Enough strange things have happened politically that it‘s wise to prepare for them

In the 2020 election, voters should get ready for the the unthinkable. It's happened enough in recent years that almost nothing can be counted out. (Bill Clark/CQ Roll Call file photo)

OPINION — Hanging chads and an election decided by the United States Supreme Court (2000). The election of the first black president (2008). Sarah Palin (2008). The 2010 midterm tsunami (Republicans gain 63 House seats). The nomination of the first woman for president by a major party (2016). The election of Donald Trump (2016). Russian bots interfering in the election (2016). The realignment of white men without a college degree (2016). The realignment of white, college-educated women (2018). Lose the popular vote, win the Electoral College — twice (2000, 2016).

The political world has been turned on its head more than once over the last two decades. The uncommon becomes ordinary. The bizarre, commonplace. Why should it stop now?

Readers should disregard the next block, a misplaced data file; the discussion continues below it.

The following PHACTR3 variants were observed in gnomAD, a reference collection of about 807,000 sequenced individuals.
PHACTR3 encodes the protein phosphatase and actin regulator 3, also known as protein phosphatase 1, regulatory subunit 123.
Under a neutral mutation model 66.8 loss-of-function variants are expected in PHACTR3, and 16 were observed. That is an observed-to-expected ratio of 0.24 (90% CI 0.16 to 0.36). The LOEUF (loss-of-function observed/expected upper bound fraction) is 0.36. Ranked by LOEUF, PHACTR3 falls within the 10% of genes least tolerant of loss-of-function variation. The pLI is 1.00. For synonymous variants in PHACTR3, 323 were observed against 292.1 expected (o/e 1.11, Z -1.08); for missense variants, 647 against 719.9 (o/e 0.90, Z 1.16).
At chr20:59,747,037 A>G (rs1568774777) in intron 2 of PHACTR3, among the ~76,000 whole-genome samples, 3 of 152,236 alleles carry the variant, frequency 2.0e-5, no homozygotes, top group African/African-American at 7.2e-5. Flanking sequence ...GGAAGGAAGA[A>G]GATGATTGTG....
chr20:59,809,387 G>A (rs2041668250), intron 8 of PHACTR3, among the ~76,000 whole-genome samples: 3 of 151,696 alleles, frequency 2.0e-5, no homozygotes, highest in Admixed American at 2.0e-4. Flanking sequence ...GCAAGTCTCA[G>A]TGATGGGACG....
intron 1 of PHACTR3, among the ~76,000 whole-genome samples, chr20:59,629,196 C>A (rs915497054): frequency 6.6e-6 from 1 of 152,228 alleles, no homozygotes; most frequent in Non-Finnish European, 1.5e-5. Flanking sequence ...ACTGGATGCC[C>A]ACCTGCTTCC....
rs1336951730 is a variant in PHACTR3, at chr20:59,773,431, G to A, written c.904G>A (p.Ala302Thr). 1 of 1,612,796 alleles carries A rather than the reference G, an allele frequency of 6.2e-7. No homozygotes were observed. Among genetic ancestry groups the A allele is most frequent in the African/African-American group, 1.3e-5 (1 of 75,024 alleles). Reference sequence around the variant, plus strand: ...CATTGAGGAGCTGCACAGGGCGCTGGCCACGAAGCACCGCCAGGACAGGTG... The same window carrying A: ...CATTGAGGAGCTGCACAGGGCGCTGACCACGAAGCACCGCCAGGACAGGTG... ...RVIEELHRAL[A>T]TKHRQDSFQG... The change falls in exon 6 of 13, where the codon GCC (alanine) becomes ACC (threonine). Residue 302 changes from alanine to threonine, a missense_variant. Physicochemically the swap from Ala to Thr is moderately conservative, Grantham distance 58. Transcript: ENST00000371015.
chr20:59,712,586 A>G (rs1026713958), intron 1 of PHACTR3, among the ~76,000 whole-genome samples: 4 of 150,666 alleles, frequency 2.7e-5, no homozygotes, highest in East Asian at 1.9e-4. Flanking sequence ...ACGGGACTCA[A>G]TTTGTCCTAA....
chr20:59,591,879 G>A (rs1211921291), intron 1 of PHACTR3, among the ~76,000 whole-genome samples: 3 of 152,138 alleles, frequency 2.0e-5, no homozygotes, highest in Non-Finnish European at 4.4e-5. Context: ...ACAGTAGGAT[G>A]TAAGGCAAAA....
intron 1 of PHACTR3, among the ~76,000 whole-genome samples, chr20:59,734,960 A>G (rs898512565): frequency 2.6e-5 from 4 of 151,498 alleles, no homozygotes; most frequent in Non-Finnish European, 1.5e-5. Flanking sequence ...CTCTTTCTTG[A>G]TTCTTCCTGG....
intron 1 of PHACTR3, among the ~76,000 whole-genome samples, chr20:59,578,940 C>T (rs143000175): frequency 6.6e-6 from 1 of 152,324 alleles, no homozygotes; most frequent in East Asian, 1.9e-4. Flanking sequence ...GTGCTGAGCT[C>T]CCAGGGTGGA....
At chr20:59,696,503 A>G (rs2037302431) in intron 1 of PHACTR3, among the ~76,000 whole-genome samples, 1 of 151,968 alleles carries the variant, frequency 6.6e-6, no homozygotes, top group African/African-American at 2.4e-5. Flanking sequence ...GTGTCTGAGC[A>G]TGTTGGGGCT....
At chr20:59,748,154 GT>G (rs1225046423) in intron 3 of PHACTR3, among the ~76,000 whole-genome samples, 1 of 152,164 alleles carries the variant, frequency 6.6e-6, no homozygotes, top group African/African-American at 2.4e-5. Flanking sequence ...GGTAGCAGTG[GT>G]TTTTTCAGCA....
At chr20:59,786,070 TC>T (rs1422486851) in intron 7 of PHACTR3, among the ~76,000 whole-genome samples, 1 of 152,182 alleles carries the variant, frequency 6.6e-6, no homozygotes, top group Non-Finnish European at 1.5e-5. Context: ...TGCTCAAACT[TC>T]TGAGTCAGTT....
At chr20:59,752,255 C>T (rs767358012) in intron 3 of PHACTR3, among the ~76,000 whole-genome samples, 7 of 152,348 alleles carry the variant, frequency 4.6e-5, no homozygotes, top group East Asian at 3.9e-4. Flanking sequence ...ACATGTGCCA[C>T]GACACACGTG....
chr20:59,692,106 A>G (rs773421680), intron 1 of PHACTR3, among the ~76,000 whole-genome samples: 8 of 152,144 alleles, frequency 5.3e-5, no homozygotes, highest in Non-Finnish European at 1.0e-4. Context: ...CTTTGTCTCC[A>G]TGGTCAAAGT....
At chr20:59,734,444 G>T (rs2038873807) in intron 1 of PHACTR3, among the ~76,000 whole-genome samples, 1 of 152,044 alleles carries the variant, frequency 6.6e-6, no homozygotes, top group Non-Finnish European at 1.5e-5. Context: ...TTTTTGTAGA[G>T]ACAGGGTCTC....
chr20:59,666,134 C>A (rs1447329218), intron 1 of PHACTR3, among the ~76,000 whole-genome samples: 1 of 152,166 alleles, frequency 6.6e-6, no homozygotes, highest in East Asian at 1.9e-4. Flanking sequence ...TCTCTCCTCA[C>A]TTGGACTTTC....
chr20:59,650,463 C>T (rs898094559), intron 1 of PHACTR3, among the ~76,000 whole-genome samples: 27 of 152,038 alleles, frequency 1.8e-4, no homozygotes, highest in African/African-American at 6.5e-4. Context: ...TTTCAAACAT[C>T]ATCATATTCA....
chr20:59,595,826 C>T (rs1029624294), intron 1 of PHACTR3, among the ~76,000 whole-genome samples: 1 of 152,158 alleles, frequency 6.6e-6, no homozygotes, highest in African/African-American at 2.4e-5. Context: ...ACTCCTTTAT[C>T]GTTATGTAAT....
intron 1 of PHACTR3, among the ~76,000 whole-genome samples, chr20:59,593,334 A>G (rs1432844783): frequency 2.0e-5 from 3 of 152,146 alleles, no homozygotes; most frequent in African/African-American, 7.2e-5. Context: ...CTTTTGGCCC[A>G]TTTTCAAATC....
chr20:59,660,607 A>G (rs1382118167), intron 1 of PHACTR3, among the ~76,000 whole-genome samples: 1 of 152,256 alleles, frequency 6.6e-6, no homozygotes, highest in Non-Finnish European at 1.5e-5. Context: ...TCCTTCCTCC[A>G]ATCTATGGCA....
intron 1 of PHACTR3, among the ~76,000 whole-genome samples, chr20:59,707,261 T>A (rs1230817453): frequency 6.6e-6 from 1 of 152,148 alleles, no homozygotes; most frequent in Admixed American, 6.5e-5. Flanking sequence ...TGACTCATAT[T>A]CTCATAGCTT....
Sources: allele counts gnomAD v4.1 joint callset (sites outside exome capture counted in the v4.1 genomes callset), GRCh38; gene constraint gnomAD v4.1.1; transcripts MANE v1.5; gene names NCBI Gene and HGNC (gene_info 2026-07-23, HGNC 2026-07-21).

Trump renews misleading claim about Obama and child separation policy
POTUS claims he’s not restarting the controversial program — but describes it as effective

A group of Honduran migrants, including children, who said they were part of a ‘migrant caravan’, are briefly detained along the U.S.-Mexico border barrier by Mexican police on Dec. 1. (Mario Tama/Getty Images)

President Donald Trump on Tuesday claimed it was the Obama administration that began the practice of separating migrant children from adults at the U.S.-Mexico border, a contention nonpartisan fact-checkers call “misleading.”

“Just so you understand, President Obama separated the children. Those cages that were shown — I think they were very inappropriate — were by President Obama’s administration, not by Trump. President Obama had child separation.